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Steve 60th

5/60th Fatigue Jacket Facings

Hi Chaps,

As a unit we are after some learned advice on what facing colour we should put on our Fatigue/undress jackets. The choices we have thus far are:

1) Red (As per the Battalion Green Jacket)
2) Blue (Regimental Facing Colour)
3) Green
4) White/no facing colour.

We have already ascertained the sleeves are Serge and body is Kersey - with ten buttons down the front in one row?

Any help you may be able to give is much appreciated.

Thank you.
The Sarge!

I would go with your facing colour as this tends to be the norm for undress.
Steve 60th

So Red then?

That's what I am leaning more towards Smilie_PDT
John Waller

Properly called 'sleeved waistcoats' in the regs. I would think red facings but there are bound to be exceptions.
Eddie

It is worth mentioning here that the 2/95th adopted green facings in undress as this was specified in the Regulations for the Rifle corps1800 Article X  :

"the soldiers dress will consist in white flannel jacket, green cape and cuff"

Cape we take to mean collar

Undress is in most cases a best guess - in the face of a lack of evidence, going with the 5/60ths facing colour, red, seems the safe option.
Ben Townsend

I see three options.
A regimental pattern would suggest blue, and this would be a 'proud' option for a 'Royal regiment' to display their distinction.

Red would be appropriate for a battalion issue, that being correct according to the 1802 regs.

Thirdly, as a rifle corps, there is the possibility that the rifle distinctive of green was used.

Is there any evidence? The only reference in 60th inspection reports that I am aware of talks of, I think, the 4th battalion waiting for 'the regiment' to send out forage waistcoats, which would support option one. having said that, the rifle armed corps are so distinctive in their dress that I could absolutely see them adopting a battalion pattern. Hard call.
Steve 60th

Thanks John, Eddie & Ben for your replies.

It is indeed a very hard decision to make for us, and one I am sure we shall never rest easy with. That exact thought of 'pride' in displaying the blue facings - reflecting a Royal Regiment- went through my mind, although a more leveled view is to use the red facing.

Genuinely unsure which is best :s
Ben Townsend

What are you doing for undress headwear? As I'm sure you know, we had a choice to make between black (greenbook) and green (later sidelights). It prompted a lot of agonising, and sleepless nights. Well not quite! But theres the fun- balancing the sources and evidence Smilie_PDT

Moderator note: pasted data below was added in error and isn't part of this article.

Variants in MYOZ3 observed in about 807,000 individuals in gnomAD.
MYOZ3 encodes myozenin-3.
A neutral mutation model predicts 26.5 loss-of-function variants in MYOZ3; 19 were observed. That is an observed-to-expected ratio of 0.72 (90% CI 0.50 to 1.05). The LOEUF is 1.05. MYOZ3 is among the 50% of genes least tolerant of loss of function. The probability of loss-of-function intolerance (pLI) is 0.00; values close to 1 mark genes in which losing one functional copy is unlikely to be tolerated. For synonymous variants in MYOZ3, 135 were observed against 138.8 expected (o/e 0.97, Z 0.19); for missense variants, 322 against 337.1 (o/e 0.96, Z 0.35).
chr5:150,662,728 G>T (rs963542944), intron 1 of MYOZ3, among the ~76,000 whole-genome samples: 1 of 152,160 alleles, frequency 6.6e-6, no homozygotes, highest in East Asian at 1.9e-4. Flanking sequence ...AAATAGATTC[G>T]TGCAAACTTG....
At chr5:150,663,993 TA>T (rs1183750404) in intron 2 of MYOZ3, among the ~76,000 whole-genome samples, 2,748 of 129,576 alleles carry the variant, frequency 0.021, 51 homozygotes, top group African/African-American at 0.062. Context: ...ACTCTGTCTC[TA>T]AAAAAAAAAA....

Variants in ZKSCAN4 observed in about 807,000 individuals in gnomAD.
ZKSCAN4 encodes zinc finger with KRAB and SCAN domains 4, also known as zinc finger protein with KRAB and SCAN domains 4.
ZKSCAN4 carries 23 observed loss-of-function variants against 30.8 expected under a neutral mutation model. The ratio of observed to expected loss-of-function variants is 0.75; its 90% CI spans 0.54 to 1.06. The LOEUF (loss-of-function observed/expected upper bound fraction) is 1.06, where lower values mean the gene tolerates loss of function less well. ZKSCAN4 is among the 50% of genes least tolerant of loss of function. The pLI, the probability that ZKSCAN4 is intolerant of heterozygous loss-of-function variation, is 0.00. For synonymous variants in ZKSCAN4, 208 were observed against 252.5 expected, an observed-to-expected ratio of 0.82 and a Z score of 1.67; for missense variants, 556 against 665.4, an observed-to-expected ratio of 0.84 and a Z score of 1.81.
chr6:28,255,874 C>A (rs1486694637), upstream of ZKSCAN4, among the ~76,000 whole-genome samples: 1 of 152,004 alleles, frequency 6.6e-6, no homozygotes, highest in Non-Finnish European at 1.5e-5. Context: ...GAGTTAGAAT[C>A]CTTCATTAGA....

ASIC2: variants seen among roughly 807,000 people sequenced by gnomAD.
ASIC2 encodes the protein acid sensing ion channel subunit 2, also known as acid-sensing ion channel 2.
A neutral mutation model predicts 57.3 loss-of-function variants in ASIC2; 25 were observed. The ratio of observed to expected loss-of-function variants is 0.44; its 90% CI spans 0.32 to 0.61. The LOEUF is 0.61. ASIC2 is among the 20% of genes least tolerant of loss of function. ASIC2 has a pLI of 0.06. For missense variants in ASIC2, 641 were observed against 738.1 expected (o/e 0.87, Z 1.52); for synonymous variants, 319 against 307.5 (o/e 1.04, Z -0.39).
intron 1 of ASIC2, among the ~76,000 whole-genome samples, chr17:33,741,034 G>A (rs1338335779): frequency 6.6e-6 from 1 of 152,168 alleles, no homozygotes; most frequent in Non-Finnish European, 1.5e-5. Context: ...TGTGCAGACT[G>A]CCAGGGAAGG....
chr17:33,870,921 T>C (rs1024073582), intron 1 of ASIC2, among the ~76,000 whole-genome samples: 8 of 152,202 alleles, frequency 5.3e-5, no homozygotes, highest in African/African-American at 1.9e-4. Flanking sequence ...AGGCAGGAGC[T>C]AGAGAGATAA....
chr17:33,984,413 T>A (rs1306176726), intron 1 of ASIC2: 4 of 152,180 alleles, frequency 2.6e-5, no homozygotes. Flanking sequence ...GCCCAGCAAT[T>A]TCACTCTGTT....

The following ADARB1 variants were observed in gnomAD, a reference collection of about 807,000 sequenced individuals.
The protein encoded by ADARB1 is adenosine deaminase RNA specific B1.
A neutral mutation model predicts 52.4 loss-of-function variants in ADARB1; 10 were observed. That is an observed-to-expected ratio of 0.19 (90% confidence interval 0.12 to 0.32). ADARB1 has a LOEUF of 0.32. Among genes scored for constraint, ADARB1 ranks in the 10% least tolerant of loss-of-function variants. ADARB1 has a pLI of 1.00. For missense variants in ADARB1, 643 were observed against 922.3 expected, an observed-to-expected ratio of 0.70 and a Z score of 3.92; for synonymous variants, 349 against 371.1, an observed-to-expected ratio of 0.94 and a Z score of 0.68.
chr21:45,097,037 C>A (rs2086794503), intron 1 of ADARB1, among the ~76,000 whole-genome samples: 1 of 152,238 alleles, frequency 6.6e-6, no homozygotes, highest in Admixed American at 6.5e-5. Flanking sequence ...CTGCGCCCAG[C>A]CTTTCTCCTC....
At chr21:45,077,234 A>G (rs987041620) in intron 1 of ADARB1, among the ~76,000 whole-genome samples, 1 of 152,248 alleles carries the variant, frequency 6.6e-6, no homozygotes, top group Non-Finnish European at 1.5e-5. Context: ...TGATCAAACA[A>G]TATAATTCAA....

Steve 60th

I asked Dave G to send through the pattern for the same style undress cap you chaps use but haven't got it yet - although I know he has now retired.

Colours on that I haven't much idea. - what do you think?
Richard Warren

The more I look into undress clothing, the more confused I get ...

Just came across an 1815 return of Necessaries for a Militia regiment that included two rifle companies, specifying "Foraging Caps (Rifles)" - i.e. the rifle companies wore forage caps different to the rest. If that distinction could be allowed between companies within a regiment, I don't see why it shouldn't have been OK between battalions within a regiment. And by extension, a similar distinction in the undress jacket.

All down to the Colonel, though ....

[Oh yes, and the same return distinguishes between "Gloves" at 1/7d and "Gloves (Rifles)" at 1/8d. Black gloves for Riflemen, white for the rest??]
Ben Townsend

I'm with you there on the confusion Richard. In fact Mercer makes it clear that the RA acquired forage caps at company level, with design decisions being made at that level too. The practice may differ from regiment to regiment.

As ever with re-enactment, a good rile of thumb is to aim for uniformity and the unexceptional. The difficulty here is working out what that even was.
Ben Townsend

Regarding headgear, I think the wedge cap (as used by us), is the most useful option, as it is used throughout the period. The bonnet de police style tends to be more seen earlier, and the hummelesque shape only seems to appear for non-jocks very late in period (post 1812?). For one cap to do the whole job, the wedge is best bet. As for the colours, that will depend on what you go for with the jackets I guess ;)
John Waller

Richard Warren wrote:
All down to the Colonel, though ....

[Oh yes, and the same return distinguishes between "Gloves" at 1/7d and "Gloves (Rifles)" at 1/8d. Black gloves for Riflemen, white for the rest??]


Some dapper light coy officers sported green gloves.

I'm with you on your confusion Richard. The more I learn, the less I 'know'.
OJM

Richard Warren wrote:
Just came across an 1815 return of Necessaries for a Militia regiment that included two rifle companies, specifying "Foraging Caps (Rifles)" - i.e. the rifle companies wore forage caps different to the rest. All down to the Colonel, though ....


When does Forage Caps, as a rule, become produced new, out of new cloth? A distinct rifle type makes sense if they are still being produced either of old coats, or mimicking that, from green cloth...?
Ben Townsend